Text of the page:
“You’ve got to be kidding,” Warner says as I start to laugh.
Being good sports about things we get stuffed onto the bus along with everybody else. The driver promptly turns around and remarks that there is no air conditioning. Okay, we’ll just open the windows, we figure. As people all around the van start to struggle with the windows, the driver turns around again.
“Windows no good,” he says. “No problem, no problem, this window good,” he continues as he demonstrates by pulling his up and down.
“That’s it. I’m out of here.” Warner says suddenly as he starts struggling for the exit. I am quick to follow and start struggling for the exit, as well. About four or five other passengers have to get out of the van for us to safely exit. As we climb out of the van some of the other passengers start to shove themselves back in, three of them don’t get back in at all. One of them, a scared looking Englishman named Tom looks at me and says, “No way am I getting back inside that thing. I’m taking a f**king taxi with you guys.”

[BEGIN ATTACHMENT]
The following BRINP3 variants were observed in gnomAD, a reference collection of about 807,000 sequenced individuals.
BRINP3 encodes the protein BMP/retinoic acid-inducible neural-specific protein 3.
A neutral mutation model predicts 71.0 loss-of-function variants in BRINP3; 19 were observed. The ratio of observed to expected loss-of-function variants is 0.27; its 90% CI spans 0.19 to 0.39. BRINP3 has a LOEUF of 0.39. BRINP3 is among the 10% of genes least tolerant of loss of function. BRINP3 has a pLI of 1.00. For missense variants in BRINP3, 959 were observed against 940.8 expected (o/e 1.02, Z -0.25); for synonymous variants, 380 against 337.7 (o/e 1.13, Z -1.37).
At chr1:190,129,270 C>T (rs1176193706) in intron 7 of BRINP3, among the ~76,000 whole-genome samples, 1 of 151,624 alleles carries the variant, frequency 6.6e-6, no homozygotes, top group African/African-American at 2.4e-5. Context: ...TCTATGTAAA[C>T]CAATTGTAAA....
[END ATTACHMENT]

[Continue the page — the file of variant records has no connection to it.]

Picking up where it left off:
The other two are Israelis, Orre and Etan. Like us, they are about five hours into what was supposed to be a four-hour trip and we are still only just at the border.
The five of us spend very little time looking for a taxi as we are quickly approached by several people offering rides. The prices vary from $30 a person to as low as $10. Being budget travelers, we naturally take the $10 rides. There seems to be no such thing as real taxis in Cambodia. It appears that if you have a car, preferably a Toyota Camry, you can be a taxi driver.